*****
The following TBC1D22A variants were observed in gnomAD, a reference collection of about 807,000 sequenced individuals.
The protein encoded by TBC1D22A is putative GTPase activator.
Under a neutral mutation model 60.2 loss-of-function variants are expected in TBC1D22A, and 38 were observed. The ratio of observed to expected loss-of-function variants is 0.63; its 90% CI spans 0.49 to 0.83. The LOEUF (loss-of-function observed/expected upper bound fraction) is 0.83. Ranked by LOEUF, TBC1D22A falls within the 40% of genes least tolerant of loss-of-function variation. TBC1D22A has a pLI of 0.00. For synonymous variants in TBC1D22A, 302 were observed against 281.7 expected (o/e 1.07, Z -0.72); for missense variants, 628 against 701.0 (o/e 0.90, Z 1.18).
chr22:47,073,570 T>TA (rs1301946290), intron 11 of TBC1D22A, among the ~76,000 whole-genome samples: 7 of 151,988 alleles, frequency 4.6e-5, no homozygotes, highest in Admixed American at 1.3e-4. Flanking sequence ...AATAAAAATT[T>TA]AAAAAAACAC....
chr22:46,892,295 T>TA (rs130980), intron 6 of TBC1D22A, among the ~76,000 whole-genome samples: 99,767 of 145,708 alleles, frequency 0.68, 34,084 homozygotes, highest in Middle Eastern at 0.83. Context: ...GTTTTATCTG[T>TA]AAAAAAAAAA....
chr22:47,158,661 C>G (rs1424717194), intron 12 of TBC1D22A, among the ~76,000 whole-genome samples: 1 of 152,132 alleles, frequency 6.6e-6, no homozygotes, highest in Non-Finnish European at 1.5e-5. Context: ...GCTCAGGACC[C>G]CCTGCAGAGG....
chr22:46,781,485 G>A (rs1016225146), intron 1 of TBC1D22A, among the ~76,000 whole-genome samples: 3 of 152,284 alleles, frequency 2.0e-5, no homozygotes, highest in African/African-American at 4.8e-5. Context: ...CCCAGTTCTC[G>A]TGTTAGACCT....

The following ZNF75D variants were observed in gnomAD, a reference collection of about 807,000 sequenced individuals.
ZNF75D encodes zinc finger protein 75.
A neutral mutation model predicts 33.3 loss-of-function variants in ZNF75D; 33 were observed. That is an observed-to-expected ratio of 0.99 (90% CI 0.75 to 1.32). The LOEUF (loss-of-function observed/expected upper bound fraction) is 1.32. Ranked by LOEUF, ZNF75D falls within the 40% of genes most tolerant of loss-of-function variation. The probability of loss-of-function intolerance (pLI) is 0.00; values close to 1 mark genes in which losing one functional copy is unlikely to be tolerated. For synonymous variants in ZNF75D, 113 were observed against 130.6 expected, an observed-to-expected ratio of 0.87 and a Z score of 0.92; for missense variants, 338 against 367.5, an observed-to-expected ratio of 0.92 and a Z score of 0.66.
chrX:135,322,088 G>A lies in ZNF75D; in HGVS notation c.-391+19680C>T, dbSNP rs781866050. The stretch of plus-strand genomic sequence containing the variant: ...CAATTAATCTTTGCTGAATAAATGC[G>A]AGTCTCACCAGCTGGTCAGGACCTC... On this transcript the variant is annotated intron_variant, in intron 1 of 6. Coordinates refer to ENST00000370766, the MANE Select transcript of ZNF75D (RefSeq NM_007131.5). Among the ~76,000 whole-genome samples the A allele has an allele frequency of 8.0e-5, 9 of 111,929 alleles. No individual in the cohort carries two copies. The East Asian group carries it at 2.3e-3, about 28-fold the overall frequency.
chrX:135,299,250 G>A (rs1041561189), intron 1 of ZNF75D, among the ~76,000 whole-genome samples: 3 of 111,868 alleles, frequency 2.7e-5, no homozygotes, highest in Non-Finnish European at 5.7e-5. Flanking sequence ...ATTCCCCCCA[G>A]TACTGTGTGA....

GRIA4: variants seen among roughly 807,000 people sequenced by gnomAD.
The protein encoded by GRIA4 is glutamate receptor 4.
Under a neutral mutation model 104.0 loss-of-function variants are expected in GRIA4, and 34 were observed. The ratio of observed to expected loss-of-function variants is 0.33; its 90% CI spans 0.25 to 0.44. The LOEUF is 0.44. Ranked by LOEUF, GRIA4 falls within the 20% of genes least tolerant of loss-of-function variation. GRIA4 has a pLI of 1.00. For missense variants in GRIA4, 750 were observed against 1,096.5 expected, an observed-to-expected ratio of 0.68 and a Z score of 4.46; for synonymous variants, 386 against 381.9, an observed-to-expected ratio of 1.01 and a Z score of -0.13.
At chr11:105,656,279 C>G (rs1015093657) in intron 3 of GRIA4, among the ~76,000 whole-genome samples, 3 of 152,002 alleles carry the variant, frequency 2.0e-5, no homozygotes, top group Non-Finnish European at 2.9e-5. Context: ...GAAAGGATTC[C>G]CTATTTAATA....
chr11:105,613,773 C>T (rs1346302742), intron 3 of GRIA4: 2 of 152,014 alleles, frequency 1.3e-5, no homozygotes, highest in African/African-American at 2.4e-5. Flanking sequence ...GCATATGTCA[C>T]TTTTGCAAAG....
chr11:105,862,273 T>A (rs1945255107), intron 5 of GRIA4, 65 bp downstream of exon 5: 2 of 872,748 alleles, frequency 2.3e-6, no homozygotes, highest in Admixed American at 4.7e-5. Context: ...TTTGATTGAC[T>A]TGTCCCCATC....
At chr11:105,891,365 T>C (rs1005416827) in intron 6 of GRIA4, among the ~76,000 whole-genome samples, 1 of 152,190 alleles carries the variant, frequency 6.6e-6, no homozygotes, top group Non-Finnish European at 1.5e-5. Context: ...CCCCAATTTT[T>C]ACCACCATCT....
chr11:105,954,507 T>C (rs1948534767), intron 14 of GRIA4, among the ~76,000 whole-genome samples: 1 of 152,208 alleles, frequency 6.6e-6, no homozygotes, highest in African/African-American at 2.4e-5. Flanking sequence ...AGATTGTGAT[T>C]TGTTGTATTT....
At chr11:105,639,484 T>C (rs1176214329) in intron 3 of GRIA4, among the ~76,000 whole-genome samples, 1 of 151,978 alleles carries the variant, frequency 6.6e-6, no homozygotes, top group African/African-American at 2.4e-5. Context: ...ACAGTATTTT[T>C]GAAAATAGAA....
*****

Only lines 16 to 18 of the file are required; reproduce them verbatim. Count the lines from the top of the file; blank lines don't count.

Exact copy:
At chr11:105,656,279 C>G (rs1015093657) in intron 3 of GRIA4, among the ~76,000 whole-genome samples, 3 of 152,002 alleles carry the variant, frequency 2.0e-5, no homozygotes, top group Non-Finnish European at 2.9e-5. Context: ...GAAAGGATTC[C>G]CTATTTAATA....
chr11:105,613,773 C>T (rs1346302742), intron 3 of GRIA4: 2 of 152,014 alleles, frequency 1.3e-5, no homozygotes, highest in African/African-American at 2.4e-5. Flanking sequence ...GCATATGTCA[C>T]TTTTGCAAAG....
chr11:105,862,273 T>A (rs1945255107), intron 5 of GRIA4, 65 bp downstream of exon 5: 2 of 872,748 alleles, frequency 2.3e-6, no homozygotes, highest in Admixed American at 4.7e-5. Context: ...TTTGATTGAC[T>A]TGTCCCCATC....